MD, PhD, FMedSci, FRSB, FRCP, FRCPEd

An article by Rabbi Yair Hoffman for the Five Towns Jewish Times caught my eye. Here are a few excerpts:

“I am sorry, Mrs. Ploni, but the muscle testing we performed on you indicates that your compatibility with your spouse is a 1 out of a possible 10 on the scale.”

“Your son being around his father is bad for his energy levels. You should seek to minimize it.”

“Your husband was born normal, but something happened to his energy levels on account of the vaccinations he received as a child. It is not really his fault, but he is not good for you.”

Welcome to the world of Applied Kinesiology (AK) or health Kinesiology… Incredibly, there are people who now base most of their life decisions on something called “muscle testing.” Practitioners believe or state that the body’s energy levels can reveal remarkable information, from when a bride should get married to whether the next Kinesiology appointment should be in one week or two weeks. Prices for a 45 minute appointment can range from $125 to $250 a session. One doctor who is familiar with people who engage in such pursuits remarked, “You have no idea how many inroads this craziness has made in our community.”

… AK (applied kinesiology) is system that evaluates structural, chemical, and mental aspects of health by using “manual muscle testing (MMT)” along with other conventional diagnostic methods. The belief of AK adherents is that every organ dysfunction is accompanied by a weakness in a specific corresponding muscle… Treatments include joint manipulation and mobilization, myofascial, cranial and meridian therapies, clinical nutrition, and dietary counselling. A manual muscle test is conducted by having the patient resist using the target muscle or muscle group while the practitioner applies force the other way. A smooth response is called a “strong muscle” and a response that was not appropriate is called a “weak response.” Like some Ouiji board out of the 1970’s, Applied Kinesiology is used to ask “Yes or No” questions about issues ranging from what type of Parnassa courses one should be taking, to what Torah music tapes one should listen to, to whether a therapist is worthwhile to see or not.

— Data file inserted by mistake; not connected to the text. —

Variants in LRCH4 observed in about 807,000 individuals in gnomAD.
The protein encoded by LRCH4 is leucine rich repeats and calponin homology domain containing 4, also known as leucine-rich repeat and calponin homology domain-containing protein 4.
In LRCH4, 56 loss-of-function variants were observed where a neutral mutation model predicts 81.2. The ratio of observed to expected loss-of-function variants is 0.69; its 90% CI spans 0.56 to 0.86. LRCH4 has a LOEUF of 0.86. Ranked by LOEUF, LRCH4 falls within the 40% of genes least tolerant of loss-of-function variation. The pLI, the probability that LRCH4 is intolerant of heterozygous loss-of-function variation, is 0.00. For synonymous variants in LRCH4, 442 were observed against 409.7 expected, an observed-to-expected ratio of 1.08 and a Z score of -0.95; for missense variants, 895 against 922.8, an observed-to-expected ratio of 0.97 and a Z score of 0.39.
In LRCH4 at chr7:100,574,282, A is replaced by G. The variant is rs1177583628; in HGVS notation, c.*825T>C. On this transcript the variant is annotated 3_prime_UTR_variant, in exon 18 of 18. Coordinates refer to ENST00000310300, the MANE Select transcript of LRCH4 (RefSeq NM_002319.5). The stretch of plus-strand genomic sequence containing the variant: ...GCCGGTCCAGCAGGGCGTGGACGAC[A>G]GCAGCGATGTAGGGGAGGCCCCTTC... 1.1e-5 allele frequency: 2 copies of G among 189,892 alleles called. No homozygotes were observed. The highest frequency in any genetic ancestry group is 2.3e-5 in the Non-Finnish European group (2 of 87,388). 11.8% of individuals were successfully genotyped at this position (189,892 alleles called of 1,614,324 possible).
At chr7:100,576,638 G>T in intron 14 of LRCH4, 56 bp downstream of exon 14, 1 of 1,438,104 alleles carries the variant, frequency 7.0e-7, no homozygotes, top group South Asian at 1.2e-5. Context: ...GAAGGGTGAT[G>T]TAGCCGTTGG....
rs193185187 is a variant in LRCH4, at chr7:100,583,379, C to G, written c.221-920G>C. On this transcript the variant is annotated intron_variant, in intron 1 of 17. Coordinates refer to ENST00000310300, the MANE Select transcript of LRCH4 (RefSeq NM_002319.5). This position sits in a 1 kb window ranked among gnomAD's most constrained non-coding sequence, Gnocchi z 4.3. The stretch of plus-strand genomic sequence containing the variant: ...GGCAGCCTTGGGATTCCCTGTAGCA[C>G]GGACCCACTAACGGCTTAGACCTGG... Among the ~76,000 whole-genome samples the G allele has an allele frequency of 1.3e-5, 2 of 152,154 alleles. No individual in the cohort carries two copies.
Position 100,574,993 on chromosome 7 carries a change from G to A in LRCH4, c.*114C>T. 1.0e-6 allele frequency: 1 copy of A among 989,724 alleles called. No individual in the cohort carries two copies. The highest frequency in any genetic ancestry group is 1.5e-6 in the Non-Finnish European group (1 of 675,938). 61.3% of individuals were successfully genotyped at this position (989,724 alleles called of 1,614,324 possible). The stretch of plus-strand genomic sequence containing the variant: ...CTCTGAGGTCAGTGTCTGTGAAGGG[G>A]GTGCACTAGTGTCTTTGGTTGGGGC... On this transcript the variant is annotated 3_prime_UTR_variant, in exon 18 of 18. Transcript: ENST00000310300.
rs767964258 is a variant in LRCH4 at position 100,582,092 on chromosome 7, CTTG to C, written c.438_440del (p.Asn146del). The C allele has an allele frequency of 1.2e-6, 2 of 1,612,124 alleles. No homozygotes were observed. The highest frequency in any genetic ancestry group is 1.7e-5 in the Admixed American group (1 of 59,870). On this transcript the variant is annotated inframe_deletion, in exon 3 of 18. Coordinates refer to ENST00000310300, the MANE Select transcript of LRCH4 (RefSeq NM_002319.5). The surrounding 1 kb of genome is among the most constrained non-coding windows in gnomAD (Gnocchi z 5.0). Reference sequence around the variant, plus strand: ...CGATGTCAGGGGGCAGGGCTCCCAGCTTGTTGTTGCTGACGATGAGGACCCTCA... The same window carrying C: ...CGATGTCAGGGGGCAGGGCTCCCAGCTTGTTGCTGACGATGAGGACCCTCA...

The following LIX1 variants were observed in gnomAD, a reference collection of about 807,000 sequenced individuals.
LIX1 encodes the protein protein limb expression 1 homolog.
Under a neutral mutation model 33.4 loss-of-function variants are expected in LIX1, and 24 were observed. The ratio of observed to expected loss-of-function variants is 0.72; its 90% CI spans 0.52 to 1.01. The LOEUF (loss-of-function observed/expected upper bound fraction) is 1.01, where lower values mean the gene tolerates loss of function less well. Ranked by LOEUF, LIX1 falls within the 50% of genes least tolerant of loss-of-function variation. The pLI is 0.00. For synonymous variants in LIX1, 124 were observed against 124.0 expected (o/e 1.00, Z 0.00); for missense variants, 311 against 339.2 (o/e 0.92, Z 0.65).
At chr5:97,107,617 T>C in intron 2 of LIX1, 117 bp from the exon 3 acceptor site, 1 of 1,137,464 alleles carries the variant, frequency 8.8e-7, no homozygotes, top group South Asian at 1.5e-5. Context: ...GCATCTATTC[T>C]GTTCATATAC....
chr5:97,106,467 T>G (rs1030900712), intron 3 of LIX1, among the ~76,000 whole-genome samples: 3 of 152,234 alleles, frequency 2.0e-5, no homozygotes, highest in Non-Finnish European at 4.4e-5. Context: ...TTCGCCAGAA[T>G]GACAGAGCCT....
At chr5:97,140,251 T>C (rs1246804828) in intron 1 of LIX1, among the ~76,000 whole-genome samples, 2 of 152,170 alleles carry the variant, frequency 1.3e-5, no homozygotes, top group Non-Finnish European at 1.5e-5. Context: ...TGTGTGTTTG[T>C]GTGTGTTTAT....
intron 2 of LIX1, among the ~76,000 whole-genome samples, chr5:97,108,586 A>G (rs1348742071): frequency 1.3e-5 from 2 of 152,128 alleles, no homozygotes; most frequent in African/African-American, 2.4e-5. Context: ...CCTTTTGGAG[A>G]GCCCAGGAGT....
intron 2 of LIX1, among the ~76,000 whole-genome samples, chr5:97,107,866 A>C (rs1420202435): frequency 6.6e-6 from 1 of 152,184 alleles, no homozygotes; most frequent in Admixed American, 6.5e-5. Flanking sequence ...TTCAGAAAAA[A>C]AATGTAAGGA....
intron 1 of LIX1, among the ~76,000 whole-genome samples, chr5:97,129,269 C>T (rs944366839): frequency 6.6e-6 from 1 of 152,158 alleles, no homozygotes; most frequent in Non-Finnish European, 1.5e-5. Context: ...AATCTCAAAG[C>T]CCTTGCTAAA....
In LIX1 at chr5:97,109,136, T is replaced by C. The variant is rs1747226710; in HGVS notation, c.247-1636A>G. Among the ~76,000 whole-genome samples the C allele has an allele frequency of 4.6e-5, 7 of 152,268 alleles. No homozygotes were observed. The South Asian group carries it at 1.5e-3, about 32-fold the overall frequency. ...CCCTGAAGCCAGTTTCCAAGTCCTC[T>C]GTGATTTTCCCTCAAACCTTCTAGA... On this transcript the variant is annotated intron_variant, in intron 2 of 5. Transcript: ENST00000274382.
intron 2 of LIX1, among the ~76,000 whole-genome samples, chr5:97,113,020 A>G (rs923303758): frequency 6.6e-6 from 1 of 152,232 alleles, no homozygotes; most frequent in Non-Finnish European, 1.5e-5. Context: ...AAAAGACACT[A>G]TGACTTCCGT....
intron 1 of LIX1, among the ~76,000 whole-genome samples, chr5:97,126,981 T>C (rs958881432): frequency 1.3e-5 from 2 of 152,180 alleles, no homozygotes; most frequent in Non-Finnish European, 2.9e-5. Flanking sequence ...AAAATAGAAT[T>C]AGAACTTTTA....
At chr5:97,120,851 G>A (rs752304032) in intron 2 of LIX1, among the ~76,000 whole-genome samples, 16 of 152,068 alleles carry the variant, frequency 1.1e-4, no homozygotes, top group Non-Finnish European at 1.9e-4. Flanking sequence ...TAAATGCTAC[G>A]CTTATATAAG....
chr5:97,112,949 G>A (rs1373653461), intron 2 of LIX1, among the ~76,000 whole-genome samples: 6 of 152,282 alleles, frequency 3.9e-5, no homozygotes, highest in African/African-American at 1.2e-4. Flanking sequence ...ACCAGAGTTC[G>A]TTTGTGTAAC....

“They take everything with such seriousness – they look at it as if it is Torah from Sinai,” remarked one person familiar with such patients. One spouse of an AK patient was shocked to hear that a diagnosis was made concerning himself through the muscle testing of his wife – without the practitioner having ever met him… And the lines at the office of the AK practitioner are long. One husband holds a crying baby for three hours, while his wife attends a 45 minute session. Why so long? The AK practitioner let other patients ahead – because of emergency needs…

END OF EXCERPTS

The article  is a reminder how much nonsense happens in the name of alternative medicine. AK is one of the modalities that is exemplary:

  • it is utterly implausible;
  • there is no good evidence that it works.

The only systematic review of AK was published in 2008 by a team known to be strongly in favour of alternative medicine. It included 22 relevant studies. Their methodology was poor. The authors concluded that there is insufficient evidence for diagnostic accuracy within kinesiology, the validity of muscle response and the effectiveness of kinesiology for any condition. 

Some AK fans might now say: absence of evidence is not evidence of absence!!! There is no evidence that AK does not work, and therefore we should give it the benefit of the doubt and use it.